Wow, what an insult to Australian wine. Fifteen minutes, really?! Devoted to an industry that is over 150 years old?!
Consider your alternative. You could devote fifteen years of tasting and reading to the subject, and still not know all there is given the diversity of terroir and varietal expression in Australia’s wine regions and sub-regions.
Well, then, how about fifteen days? Sure, that could work. A bit more time; a bit more concentration. But what if you become distracted on day two by, say, Argentine Malbec or the Winelands of South Africa?
So, with no offense intended to Australia, our first wine crush – sorry, couldn’t avoid it – here is our down and dirty, fifteen minute guide to Australian wine for your immediate edification and enlightened consumption.
Australia has five primary wine growing regions. They are located in the states of Western Australia, South Australia, Victoria, Tasmania and New South Wales. The wine regions mostly hug the western or southern coasts or nestle in inland valleys.
Western Australia, oddly enough located on the west side of the country, contains the major growing regions of the Margaret River and the Great Southern in addition to several others. These regions are approximately three hours drive south of the main city of Perth. The Margaret River region is located six miles from the Indian Ocean and experiences a maritime wine-growing climate. Notable producers in the Margaret River are Cullen Wines, Vasse Felix and Cape Mentelle, Howard Park, Leeuwin Estates and Moss Wood. The region is primarily known for producing cellar-worthy Cabernet and Chardonnay. However, a little publicized fact is the region’s distinct style of Shiraz, which tends toward a more reserved style and exhibits eucalyptus aromas as compared with the full-blown Shiraz produced in South Australia.
South Australia’s major wine growing regions are Barossa Valley, Eden Valley, Clare Valley, McLaren Vale, Adelaide Hills and Coonawarra. Wines from these regions have markedly different profiles. For many, the Barossa Valley, (with which many people are most familiar) is synonymous with (good old) Aussie Shiraz, that is, wines filled with blackberry, cherry, chocolate and oak, robust, full-bodied, up front and delicious. Right next door, the Clare Valley is on the other end of the spectrum, and is well known for it’s mind-altering dry and off-dry rieslings, the most notable of which are produced by Grosset. It is also home to our favorite Australian shiraz producer Jim Barry whose completely unique McRae Wood Shiraz and, for a super special occasion, Armagh, are simply the best. Coonawarra is considered the spot for Australian Cabernet, while the hills of Adelaide produce some lovely peppery Shiraz and Chardonnays with great minerality. McLaren Vale, home to Two Hands, Kangarilla Road, De Lisio and a host of others, produces full-bodied, ripe wines with great purity of fruit.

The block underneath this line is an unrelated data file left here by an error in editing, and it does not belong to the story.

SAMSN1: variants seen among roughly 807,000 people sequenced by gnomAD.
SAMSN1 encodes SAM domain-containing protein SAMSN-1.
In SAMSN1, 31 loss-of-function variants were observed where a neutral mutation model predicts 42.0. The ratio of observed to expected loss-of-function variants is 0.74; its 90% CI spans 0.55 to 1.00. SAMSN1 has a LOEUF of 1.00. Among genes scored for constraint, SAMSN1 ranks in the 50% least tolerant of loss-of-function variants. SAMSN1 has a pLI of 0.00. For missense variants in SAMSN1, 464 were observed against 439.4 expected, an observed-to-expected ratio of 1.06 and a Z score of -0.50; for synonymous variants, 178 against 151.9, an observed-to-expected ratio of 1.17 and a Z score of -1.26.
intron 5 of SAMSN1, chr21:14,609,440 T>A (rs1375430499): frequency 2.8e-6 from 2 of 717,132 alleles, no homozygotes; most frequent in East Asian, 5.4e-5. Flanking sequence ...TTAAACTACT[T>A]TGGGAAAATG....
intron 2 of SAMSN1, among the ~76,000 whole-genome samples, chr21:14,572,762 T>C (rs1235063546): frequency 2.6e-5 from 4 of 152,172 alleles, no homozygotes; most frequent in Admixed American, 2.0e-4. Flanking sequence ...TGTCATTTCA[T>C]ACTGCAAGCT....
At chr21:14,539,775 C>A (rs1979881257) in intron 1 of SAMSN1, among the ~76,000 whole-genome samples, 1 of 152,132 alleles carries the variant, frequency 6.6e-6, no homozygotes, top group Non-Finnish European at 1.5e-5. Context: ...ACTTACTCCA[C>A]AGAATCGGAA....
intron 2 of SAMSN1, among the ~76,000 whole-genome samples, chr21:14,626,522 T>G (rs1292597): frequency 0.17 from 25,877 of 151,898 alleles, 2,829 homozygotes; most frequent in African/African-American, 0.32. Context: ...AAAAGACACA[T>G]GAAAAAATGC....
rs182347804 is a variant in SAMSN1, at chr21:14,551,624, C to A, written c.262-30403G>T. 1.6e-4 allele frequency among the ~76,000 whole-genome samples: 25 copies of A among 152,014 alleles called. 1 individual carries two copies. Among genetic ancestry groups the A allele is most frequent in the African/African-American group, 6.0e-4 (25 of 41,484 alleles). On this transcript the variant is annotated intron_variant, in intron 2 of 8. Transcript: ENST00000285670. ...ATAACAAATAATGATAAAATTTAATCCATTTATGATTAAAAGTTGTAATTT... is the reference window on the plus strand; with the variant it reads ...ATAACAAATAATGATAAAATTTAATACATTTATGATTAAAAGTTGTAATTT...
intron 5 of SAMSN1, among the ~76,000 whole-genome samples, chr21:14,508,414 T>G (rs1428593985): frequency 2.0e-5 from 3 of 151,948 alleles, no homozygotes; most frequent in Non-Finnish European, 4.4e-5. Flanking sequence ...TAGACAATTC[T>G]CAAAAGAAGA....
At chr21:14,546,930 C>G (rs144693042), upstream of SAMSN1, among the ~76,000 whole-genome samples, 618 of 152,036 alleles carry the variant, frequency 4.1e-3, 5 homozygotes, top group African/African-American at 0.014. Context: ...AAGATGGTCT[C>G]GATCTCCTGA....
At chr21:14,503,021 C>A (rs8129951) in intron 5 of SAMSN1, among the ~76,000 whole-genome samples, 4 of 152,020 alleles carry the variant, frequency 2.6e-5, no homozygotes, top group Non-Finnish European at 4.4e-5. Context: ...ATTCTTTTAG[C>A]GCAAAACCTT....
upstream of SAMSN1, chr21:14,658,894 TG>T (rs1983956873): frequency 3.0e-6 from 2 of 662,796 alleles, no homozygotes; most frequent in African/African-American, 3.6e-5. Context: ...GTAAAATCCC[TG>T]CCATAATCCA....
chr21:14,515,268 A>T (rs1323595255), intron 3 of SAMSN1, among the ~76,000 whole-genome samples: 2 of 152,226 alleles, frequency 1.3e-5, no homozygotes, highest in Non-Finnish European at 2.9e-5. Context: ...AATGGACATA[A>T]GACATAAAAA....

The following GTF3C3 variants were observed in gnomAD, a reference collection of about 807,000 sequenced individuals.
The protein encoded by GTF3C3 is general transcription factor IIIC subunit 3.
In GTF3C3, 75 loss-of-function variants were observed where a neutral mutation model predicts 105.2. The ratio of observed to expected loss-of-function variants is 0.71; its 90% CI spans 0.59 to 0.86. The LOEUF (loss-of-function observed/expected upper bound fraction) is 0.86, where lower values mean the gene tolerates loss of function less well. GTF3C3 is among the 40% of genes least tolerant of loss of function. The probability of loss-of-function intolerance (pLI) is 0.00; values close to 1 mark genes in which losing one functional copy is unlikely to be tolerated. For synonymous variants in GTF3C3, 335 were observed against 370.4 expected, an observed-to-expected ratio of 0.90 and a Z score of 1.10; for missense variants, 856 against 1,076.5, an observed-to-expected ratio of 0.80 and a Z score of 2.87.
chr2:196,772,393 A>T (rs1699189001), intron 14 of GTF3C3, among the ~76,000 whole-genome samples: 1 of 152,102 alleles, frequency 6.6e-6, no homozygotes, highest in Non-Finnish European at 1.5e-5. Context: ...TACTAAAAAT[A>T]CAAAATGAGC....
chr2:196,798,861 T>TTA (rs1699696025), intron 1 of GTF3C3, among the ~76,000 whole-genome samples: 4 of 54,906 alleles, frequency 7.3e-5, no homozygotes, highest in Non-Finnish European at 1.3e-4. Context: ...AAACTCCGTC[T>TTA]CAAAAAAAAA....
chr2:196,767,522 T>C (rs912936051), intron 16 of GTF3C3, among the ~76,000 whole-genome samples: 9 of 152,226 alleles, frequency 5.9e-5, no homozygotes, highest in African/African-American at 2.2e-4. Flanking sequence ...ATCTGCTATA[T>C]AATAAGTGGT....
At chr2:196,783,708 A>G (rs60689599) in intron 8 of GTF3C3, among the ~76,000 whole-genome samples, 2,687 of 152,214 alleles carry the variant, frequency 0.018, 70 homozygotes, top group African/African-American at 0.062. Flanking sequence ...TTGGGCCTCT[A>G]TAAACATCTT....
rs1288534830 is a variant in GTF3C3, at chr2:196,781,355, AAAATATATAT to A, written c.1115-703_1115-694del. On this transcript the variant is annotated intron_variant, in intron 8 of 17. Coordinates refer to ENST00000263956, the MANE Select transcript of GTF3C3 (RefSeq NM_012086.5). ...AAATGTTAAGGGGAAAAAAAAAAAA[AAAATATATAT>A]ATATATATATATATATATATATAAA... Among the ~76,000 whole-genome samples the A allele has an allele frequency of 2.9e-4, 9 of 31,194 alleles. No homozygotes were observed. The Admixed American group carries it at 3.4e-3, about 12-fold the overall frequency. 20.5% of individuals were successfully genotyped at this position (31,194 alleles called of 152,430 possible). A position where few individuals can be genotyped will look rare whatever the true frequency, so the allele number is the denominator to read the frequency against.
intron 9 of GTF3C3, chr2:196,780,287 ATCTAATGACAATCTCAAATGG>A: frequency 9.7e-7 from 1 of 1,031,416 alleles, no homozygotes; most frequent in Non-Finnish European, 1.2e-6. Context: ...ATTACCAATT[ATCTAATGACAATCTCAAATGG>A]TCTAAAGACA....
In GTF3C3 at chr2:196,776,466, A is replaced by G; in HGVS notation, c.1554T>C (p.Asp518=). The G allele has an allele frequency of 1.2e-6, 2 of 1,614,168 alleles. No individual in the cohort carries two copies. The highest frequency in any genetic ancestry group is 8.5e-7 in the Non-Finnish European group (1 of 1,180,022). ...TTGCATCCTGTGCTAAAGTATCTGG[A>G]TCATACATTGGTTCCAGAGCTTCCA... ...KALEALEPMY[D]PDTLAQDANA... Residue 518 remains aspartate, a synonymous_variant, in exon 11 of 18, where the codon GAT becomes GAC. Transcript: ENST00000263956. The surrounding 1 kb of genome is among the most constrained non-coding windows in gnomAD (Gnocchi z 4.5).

Then there is Tasmania, lovely Tasmania. Mainlanders may (jealously?) joke about their fellow citizens across the strait, but they happily guzzle the many fine wines produced there. The vineyards are located east of Hobart in the Coal Valley, and to the north near Launceston in the Tamar Valley. Tasmania produces lovely cool climate wines, most notably Pinot Noir and sparkling wines. Ever tried a bubbly from Jansz? Now would be a good time. A little known secret is Domaine A near Hobart, which produces some of the best Bordeaux-style wines in the world. Yes, that is in the world. Just ask the individual from Petrus, who refused to believe the wines were Tasmanian and not Bordeaux during an international tasting several years ago.
And last but not least, stop screaming Hunter Valley citizens, the Hunter Valley. Located an hour drive north of Sydney, the Hunter Valley is home to Australia’s world famous dry semillon. If you haven’t tried one , you really should. Brokenwood is the pre-eminent producer, so start with the Brokenwood Hunter Valley Semillon, and for a special treat move on to their ILR Reserve Semillon, one of our favorite wines of all time. While you are tasting at Brokenwood, don’t forget to check out their Shiraz as well. We think Shiraz is a bit of a tough grape in the Hunter Valley, but Brokenwood does a phenomenal job both with their Hunter Valley Shiraz as well as with the iconic Brokenwood Graveyard Shiraz.
That’s it. Feel free to use any leftover time to poke holes in our broad and sweeping generalizations in the comment section below. Remember, it was just an overview. Each subregion alone merits thorough exploration!